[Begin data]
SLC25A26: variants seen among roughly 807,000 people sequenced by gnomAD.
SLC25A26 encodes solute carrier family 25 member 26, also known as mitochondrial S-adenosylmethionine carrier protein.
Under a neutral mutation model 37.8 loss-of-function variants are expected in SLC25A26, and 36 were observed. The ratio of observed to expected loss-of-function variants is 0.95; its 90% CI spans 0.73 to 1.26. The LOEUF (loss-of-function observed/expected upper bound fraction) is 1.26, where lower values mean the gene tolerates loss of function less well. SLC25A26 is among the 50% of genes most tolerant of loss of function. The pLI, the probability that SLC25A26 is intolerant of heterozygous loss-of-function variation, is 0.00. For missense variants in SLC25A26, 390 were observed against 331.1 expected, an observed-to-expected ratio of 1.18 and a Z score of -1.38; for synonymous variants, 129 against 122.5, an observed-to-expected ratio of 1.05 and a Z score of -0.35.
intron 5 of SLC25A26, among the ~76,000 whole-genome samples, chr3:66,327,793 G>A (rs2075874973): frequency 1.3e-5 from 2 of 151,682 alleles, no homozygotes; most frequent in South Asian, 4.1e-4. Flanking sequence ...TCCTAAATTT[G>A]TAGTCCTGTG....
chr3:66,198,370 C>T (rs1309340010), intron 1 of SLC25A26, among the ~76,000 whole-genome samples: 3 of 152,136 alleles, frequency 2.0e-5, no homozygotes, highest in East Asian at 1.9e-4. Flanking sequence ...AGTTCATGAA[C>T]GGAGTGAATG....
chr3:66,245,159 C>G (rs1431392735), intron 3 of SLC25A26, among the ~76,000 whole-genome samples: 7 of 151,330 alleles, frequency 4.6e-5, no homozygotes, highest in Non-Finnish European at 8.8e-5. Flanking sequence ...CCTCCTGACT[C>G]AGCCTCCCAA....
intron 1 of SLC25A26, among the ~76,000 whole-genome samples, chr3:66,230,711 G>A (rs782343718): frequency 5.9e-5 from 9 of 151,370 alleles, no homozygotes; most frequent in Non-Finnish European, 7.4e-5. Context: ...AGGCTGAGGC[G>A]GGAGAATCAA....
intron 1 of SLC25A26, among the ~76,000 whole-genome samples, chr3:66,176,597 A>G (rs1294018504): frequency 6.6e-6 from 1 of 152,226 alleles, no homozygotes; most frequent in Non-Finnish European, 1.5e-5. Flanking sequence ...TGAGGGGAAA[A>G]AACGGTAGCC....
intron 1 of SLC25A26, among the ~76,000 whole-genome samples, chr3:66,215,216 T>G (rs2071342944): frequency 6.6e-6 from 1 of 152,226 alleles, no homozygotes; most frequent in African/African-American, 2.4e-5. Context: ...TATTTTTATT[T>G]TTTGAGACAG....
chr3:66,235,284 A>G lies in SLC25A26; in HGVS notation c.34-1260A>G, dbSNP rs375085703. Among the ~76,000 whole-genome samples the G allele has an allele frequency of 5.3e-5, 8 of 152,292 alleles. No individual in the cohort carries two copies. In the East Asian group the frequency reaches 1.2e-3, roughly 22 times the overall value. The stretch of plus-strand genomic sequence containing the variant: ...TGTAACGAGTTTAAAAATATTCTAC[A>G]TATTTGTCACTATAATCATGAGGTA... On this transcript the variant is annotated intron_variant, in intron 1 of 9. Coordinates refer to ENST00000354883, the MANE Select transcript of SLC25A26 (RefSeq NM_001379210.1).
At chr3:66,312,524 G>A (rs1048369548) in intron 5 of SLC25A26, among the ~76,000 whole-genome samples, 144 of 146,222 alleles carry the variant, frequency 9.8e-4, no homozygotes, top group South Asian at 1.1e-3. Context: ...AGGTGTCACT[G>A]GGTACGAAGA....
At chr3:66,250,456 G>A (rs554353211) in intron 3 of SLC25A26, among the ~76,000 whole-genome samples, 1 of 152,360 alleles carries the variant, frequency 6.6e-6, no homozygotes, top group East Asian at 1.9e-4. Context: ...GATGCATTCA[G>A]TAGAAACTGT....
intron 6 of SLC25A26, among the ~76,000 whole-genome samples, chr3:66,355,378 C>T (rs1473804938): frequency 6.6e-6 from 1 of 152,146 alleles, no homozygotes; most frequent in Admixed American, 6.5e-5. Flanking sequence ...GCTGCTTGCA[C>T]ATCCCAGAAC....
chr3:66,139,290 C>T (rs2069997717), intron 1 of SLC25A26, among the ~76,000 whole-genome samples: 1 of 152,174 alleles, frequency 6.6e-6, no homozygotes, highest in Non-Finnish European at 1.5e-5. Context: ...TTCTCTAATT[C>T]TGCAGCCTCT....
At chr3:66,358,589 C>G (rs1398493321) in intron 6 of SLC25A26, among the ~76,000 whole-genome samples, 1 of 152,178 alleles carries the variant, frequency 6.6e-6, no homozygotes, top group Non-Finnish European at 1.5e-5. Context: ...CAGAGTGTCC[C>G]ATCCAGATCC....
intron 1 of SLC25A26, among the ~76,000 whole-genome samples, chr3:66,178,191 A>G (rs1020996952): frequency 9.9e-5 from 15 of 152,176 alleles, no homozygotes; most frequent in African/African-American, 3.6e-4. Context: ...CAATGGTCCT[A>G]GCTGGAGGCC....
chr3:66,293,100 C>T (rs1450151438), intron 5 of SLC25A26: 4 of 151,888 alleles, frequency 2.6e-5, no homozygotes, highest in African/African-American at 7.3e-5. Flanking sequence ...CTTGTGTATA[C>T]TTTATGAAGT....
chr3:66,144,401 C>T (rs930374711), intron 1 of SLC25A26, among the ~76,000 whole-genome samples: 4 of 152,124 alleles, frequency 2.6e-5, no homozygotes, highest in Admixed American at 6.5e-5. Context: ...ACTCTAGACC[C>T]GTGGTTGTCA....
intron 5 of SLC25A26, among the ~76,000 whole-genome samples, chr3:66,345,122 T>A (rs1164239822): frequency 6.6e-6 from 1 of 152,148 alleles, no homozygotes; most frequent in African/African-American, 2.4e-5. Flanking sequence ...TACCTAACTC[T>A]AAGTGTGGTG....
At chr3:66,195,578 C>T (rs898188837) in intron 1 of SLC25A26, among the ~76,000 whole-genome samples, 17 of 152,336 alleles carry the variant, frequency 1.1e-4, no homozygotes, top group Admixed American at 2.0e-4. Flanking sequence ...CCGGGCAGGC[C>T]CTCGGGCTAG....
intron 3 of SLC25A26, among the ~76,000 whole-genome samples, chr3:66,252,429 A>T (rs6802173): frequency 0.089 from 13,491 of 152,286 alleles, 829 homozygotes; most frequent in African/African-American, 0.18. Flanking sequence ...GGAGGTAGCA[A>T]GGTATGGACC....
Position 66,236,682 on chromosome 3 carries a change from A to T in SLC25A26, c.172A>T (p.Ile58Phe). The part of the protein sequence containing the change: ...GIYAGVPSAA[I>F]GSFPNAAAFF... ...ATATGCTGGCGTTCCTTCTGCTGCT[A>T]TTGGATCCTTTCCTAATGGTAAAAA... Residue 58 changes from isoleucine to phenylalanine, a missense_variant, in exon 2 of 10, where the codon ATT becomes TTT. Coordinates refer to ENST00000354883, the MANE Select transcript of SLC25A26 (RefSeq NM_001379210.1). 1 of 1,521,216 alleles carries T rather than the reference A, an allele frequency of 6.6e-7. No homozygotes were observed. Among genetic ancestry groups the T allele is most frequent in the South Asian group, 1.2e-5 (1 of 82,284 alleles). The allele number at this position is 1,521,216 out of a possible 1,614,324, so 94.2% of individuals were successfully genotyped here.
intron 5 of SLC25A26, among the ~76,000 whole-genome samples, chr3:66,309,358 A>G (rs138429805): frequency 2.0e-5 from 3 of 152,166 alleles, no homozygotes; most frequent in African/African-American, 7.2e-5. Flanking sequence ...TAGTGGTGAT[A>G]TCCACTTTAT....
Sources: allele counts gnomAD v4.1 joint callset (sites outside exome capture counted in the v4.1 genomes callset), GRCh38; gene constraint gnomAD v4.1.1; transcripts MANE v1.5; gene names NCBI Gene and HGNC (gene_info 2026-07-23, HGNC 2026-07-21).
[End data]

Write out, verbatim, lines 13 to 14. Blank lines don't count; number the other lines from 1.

intron 6 of SLC25A26, among the ~76,000 whole-genome samples, chr3:66,355,378 C>T (rs1473804938): frequency 6.6e-6 from 1 of 152,146 alleles, no homozygotes; most frequent in Admixed American, 6.5e-5. Flanking sequence ...GCTGCTTGCA[C>T]ATCCCAGAAC....
chr3:66,139,290 C>T (rs2069997717), intron 1 of SLC25A26, among the ~76,000 whole-genome samples: 1 of 152,174 alleles, frequency 6.6e-6, no homozygotes, highest in Non-Finnish European at 1.5e-5. Context: ...TTCTCTAATT[C>T]TGCAGCCTCT....